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Islamic State fears hang over Baghdad

The Islamic State’s advance toward Baghdad is causing stress and confusion among residents, though government forces are maintaining a tight grip on the capital.
A member of the Iraqi security forces stands guard at a checkpoint during an intensive security deployment in Baghdad, June 16, 2014. The United States is contemplating talks with its arch-enemy Iran to support the Iraqi government in its battle with Sunni Islamist insurgents who routed Baghdad's army and seized the north of the country in the past week.  REUTERS/Thaier Al-Sudani  (IRAQ - Tags: CIVIL UNREST POLITICS MILITARY CONFLICT) - RTR3U2D3

NAJAF, Iraq — After it took control of Mosul on June 10, the Islamic State (IS) announced that its ultimate goal in Iraq is to control Baghdad, as the capital holds a great symbolic importance to it and its seizure would likely enhance the stability and recognition of its state by other Arab countries. IS knows how difficult this takeover will be.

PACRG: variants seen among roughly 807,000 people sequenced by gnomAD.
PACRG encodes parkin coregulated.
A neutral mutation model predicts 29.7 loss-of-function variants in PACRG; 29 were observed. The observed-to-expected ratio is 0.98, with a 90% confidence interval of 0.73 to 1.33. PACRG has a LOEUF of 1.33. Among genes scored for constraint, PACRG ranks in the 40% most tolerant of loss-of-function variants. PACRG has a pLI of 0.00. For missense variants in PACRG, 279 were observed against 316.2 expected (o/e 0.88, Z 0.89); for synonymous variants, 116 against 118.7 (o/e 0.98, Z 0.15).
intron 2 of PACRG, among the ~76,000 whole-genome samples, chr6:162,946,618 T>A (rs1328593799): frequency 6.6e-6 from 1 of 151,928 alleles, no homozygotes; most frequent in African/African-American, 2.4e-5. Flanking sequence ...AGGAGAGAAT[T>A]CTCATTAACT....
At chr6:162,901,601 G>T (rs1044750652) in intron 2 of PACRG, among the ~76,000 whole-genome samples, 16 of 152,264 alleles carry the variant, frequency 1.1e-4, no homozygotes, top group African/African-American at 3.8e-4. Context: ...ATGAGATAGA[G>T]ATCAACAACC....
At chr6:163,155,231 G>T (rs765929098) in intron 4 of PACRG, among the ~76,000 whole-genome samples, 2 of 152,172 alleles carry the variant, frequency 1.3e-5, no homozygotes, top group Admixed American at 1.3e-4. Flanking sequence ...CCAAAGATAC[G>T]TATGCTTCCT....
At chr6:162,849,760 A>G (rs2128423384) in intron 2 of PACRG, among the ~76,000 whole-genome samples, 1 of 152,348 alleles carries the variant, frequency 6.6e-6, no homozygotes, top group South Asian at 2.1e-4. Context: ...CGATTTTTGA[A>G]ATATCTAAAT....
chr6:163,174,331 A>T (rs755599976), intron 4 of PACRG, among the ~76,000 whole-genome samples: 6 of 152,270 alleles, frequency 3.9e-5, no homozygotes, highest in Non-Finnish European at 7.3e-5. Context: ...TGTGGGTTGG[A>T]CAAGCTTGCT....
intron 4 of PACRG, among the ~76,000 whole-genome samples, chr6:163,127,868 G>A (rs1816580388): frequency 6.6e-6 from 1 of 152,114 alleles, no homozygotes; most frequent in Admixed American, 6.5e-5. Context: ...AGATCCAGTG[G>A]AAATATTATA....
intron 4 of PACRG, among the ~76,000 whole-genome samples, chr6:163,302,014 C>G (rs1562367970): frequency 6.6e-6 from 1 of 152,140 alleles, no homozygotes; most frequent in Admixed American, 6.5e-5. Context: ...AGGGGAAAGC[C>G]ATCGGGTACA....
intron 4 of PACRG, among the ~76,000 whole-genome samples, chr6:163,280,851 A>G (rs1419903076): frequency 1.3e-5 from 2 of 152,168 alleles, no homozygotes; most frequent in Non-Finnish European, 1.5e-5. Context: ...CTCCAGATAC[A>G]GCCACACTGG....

IS has made previous attempts to get closer to Baghdad from the north, after seizing Tikrit, which is located nearly 160 kilometers (100 miles) away. Yet, it failed after the Shiite areas were mobilized against IS’ progress toward Baghdad. The group continued to carry out suicide bombings in Baghdad to inflame the Sunni-Shiite sectarian conflict upon which the group has always strategically depended.

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